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Optimising Qatar’s energy transition through model-based analysis

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Title: Optimising Qatar’s energy transition through model-based analysis
Authors: Bohra, Moiz Abid
Item Type: Thesis or dissertation
Abstract: The hydrocarbon industry has defined the last century of Qatar’s history. The growing threats from the climate crisis, and increasing global efforts at decarbonisation, pose risks to Qatar’s reliance on its energy industry. Wasteful consumption of energy resources domestically is also a major challenge. Although all ministries and energy companies are answerable to the state, energy policymaking is still siloed and may miss out on synergies within the energy system. This thesis describes the development and applications of a novel quantitative tool, QESMAT (Qatar Energy System Model and Analysis Tool), that was used to study the long-term evolution of Qatar’s energy system. It is a linear program that optimises technology investment and export strategy to maximise revenue for a centralised decision-maker. It can be used to assess the viability of a new technology or study the effects of a new policy. All major sectors are represented: residential, commercial, industrial, transportation and agriculture – QESMAT is the first multi-sector energy system optimisation model for Qatar. Original bottom-up projections for energy service demands were created across these sectors, based on demographics and other indicators. These guided the evolution of the domestic energy system. A stochastic uncertainty framework was also developed to aid decision-making under uncertainty – this is a novel methodological contribution as well. The results show that a significant transformation of Qatar’s energy system is technologically and economically feasible. Large amounts of solar PV can complement gas-fired power generation, while reverse osmosis can replace existing thermal desalination capacity. Electric and hydrogen vehicles can decarbonise the transport sector. The industrial sector shows a shift from LNG towards petrochemicals and steel, while low-carbon hydrogen has the potential to be the country’s next big export. A voluntary reduction of hydrocarbon exports to zero by 2050 is also explored. A ‘systems’ approach has the potential to help researchers, industry and policymakers transform Qatar’s destiny, its kismet, in a post-carbon world.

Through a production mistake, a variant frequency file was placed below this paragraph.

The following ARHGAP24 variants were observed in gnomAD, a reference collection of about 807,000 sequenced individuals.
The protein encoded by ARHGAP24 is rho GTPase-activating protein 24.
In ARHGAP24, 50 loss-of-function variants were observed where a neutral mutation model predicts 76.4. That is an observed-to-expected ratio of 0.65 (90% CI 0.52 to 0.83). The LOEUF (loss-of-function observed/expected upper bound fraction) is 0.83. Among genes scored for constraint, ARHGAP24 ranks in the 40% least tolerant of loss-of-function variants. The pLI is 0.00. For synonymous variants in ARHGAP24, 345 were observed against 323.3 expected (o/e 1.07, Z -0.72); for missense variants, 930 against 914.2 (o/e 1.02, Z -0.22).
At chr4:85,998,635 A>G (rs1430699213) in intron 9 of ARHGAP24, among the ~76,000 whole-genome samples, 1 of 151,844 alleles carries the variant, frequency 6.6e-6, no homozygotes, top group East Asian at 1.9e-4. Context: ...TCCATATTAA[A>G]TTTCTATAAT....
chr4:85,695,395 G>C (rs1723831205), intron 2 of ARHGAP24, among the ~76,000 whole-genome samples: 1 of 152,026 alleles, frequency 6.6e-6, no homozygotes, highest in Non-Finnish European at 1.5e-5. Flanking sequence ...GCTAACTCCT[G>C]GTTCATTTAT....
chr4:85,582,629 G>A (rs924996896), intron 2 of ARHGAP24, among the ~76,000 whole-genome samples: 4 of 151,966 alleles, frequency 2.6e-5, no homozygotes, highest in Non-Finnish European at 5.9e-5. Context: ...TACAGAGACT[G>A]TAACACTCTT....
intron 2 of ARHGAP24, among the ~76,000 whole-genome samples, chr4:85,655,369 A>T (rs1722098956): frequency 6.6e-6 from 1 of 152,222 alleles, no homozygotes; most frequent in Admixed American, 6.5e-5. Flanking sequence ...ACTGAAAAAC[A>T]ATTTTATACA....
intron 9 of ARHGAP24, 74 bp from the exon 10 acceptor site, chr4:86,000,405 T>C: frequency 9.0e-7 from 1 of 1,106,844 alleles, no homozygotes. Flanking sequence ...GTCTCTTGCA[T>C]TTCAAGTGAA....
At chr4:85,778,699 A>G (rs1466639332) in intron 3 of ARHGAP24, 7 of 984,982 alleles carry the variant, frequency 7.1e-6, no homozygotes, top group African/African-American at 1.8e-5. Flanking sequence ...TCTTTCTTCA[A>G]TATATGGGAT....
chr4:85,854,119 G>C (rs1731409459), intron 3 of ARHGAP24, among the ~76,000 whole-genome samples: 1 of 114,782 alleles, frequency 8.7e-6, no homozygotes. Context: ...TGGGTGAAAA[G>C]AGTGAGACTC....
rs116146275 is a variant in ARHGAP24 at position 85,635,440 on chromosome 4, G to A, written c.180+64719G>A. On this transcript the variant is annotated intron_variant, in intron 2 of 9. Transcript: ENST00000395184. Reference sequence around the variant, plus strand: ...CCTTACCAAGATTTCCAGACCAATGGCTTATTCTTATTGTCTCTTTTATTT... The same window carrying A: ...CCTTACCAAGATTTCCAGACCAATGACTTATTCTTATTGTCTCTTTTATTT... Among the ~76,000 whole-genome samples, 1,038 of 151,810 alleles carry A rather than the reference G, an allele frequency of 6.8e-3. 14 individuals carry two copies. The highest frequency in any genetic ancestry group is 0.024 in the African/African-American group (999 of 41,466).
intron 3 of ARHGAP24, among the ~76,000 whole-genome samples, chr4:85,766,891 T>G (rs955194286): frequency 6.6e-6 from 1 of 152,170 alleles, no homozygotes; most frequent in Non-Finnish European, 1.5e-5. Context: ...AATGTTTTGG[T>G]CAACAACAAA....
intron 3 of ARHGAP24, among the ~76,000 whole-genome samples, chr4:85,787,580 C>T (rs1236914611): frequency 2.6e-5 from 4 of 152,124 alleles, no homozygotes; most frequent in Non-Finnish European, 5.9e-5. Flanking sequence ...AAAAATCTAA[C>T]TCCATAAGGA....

Content Version: Open Access
Issue Date: Mar-2020
Date Awarded: Sep-2020
URI: http://hdl.handle.net/10044/1/83106
DOI: https://doi.org/10.25560/83106
Copyright Statement: Creative Commons Attribution NonCommercial ShareAlike Licence
Supervisor: Shah, Nilay
Sponsor/Funder: Qatar Foundation
Funder's Grant Number: QRLP9-G-3330030
Department: Chemical Engineering
Publisher: Imperial College London
Qualification Level: Doctoral
Qualification Name: Doctor of Philosophy (PhD)
Appears in Collections:Chemical Engineering PhD theses



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